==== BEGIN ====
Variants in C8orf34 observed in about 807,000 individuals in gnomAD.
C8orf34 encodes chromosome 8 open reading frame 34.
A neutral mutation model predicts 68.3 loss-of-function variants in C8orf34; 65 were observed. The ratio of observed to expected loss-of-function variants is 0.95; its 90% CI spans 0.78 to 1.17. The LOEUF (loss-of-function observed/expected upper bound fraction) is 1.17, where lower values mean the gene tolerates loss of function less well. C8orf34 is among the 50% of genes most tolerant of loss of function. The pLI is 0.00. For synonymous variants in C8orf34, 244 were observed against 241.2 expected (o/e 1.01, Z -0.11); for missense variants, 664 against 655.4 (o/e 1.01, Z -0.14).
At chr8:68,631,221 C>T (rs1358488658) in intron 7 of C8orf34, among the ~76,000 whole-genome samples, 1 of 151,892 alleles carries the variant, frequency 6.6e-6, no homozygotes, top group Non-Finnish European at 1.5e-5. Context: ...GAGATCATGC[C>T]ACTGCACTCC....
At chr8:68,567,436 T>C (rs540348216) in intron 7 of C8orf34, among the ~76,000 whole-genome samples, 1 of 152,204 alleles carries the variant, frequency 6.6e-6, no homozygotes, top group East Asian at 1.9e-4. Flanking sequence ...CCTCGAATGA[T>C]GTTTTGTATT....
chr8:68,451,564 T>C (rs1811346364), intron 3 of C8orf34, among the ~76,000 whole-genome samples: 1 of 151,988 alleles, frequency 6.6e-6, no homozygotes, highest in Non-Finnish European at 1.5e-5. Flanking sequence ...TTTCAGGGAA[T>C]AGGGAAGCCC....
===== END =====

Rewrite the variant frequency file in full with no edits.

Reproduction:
Variants in C8orf34 observed in about 807,000 individuals in gnomAD.
C8orf34 encodes chromosome 8 open reading frame 34.
A neutral mutation model predicts 68.3 loss-of-function variants in C8orf34; 65 were observed. The ratio of observed to expected loss-of-function variants is 0.95; its 90% CI spans 0.78 to 1.17. The LOEUF (loss-of-function observed/expected upper bound fraction) is 1.17, where lower values mean the gene tolerates loss of function less well. C8orf34 is among the 50% of genes most tolerant of loss of function. The pLI is 0.00. For synonymous variants in C8orf34, 244 were observed against 241.2 expected (o/e 1.01, Z -0.11); for missense variants, 664 against 655.4 (o/e 1.01, Z -0.14).
At chr8:68,631,221 C>T (rs1358488658) in intron 7 of C8orf34, among the ~76,000 whole-genome samples, 1 of 151,892 alleles carries the variant, frequency 6.6e-6, no homozygotes, top group Non-Finnish European at 1.5e-5. Context: ...GAGATCATGC[C>T]ACTGCACTCC....
At chr8:68,567,436 T>C (rs540348216) in intron 7 of C8orf34, among the ~76,000 whole-genome samples, 1 of 152,204 alleles carries the variant, frequency 6.6e-6, no homozygotes, top group East Asian at 1.9e-4. Flanking sequence ...CCTCGAATGA[T>C]GTTTTGTATT....
chr8:68,451,564 T>C (rs1811346364), intron 3 of C8orf34, among the ~76,000 whole-genome samples: 1 of 151,988 alleles, frequency 6.6e-6, no homozygotes, highest in Non-Finnish European at 1.5e-5. Flanking sequence ...TTTCAGGGAA[T>C]AGGGAAGCCC....